Few family histories are richer. Villiger's story is arguably how inspired can innovation drive sales. The Rio 6, once popular with Swiss soldiers, was designed to fit ammunition belts. The Kiel, with its goose-quill mouthpiece, is worthy of a German luxury carmaker's wall of honour for simple, utilitarian 'engineering'. And for those who think cigars elitist – think again. Villiger's common touch is evident in the Export – a short, tissue-wrapped smoke that quickly became the 'Havana' to the common man. Today the Export is the cigar of choice when the Swiss spark up at home and is also hugely popular abroad.
Villiger's other products include the Krumme, a twisted cigar comprised of 'incomparable Virginia tobaccos'. For those who fancy themselves as Clint Eastwoods of the world there's Villiger's Americano – a slim, Virginia-style smoke worthy of any spaghetti western. But it's Villiger's premium range with its nine variants that include tobaccos from Java, Brazil, Cuba and beyond that the company dedicates to aficionados.
So what differentiates a good cigar from a great cigar? In a word: taste. "A great cigar is a cigar that tastes good, irrespective of origin, format and price," says Heinrich. "In the final analysis it's the consumer who decides what constitutes a good cigar and what is a great cigar."
Hip-hop artists are pictured with them – so are Hollywood starlets. Cigars, it seems, are fashionable again. A renaissance? Heinrich can't say for sure although market growth is evident. In volume terms, the world market is huge. Americans puff 6.5bn units a year, while in the EU (including Switzerland), sales in 2003 hit 8.7bn units – a bumper year not seen since 1980. It wasn't always so. US growth has been steady since 1995, but that followed a long period a stagnation. "The increase was triggered by the increasing popularity of the so-called hand-made premium cigars, from the Caribbean and Central America, and particularly from the Dominican Republic," says Heinrich. In price terms the trend has been mixed, with growth at the lower and upper end of products segments, while mid-priced smokes have drifted towards stagnation.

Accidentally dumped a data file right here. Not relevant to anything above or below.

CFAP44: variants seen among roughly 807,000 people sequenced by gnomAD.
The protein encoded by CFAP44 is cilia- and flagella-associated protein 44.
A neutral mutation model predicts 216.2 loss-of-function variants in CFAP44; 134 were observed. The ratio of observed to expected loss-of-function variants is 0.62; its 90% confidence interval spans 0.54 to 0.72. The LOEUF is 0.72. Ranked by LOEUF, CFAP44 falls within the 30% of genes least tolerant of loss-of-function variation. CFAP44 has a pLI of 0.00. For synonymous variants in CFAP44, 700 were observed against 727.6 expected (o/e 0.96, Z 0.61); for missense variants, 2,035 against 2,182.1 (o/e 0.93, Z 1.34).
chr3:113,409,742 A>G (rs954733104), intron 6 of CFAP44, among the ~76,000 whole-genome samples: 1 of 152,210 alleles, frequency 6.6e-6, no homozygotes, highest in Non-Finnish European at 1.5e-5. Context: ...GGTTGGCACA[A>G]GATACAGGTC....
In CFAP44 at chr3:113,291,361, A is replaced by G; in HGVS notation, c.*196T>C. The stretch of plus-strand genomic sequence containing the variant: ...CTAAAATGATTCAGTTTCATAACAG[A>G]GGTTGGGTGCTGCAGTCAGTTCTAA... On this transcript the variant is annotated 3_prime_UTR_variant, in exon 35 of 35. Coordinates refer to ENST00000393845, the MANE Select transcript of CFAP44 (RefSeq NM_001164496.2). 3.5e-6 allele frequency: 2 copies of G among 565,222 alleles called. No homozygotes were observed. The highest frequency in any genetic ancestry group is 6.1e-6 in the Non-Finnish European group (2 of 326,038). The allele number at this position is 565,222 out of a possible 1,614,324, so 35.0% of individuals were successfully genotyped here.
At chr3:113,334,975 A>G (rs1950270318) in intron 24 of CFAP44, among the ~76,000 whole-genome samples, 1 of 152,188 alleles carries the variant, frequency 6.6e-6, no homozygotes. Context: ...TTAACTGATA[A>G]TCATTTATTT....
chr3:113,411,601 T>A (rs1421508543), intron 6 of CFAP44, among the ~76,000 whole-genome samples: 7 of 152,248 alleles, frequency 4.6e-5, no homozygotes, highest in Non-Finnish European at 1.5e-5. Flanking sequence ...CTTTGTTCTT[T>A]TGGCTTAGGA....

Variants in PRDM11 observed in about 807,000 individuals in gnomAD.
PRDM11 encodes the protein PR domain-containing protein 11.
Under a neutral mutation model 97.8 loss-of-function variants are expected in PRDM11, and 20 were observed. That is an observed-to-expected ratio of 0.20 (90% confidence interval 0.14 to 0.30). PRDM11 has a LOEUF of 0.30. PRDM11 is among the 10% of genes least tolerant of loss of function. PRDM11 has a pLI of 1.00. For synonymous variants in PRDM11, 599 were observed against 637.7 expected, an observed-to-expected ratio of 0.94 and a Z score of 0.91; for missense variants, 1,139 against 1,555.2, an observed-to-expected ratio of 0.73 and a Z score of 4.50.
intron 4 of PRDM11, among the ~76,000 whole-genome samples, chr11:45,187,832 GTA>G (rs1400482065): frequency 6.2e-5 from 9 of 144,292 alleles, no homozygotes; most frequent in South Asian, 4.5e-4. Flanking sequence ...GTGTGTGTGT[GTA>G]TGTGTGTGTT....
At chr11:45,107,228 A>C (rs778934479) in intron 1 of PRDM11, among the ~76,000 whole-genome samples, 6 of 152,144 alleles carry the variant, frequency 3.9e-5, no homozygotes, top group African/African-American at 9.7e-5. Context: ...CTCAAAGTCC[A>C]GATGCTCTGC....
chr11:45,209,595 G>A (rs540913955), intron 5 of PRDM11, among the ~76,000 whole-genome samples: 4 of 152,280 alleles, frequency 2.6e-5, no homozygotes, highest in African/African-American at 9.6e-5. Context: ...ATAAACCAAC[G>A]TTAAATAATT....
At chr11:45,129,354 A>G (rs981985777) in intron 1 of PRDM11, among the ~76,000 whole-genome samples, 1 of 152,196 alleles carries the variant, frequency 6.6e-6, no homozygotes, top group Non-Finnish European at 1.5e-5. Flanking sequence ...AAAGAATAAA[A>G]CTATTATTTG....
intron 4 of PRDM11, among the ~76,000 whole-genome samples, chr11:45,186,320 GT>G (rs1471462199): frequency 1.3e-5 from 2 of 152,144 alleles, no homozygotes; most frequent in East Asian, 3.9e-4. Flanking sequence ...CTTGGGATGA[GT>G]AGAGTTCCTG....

The popularity of cigars (large and small) has undeniably increased worldwide, and with that, consumer profiles have shifted. In key markets – USA and Europe – the cigar is no longer exclusive to specific age and purchasing power categories. Further afield in developing economies, growth prospects look promising, says Heinrich "We have a number of growth markets [such as] countries with large populations like China, India and Russia, where cigar consumption is slowly starting to develop in parallel with their economic development and the increase in purchasing power among the upper strata of the population." A switch from 'fast consumption' of cigarettes to the 'moderate pleasure' of smoking cigars is also emerging, he notes.
So what of the future? Villiger has been a family firm for more than three generations, with the fourth poised to step in to Heinrich's shoes. "My eldest daughter Corina, a doctor by profession, has already been a member of our board of directors for many years," he says. "One day she will take over responsibility for the business as my replacement. It is our firm intention not to change anything in this respect."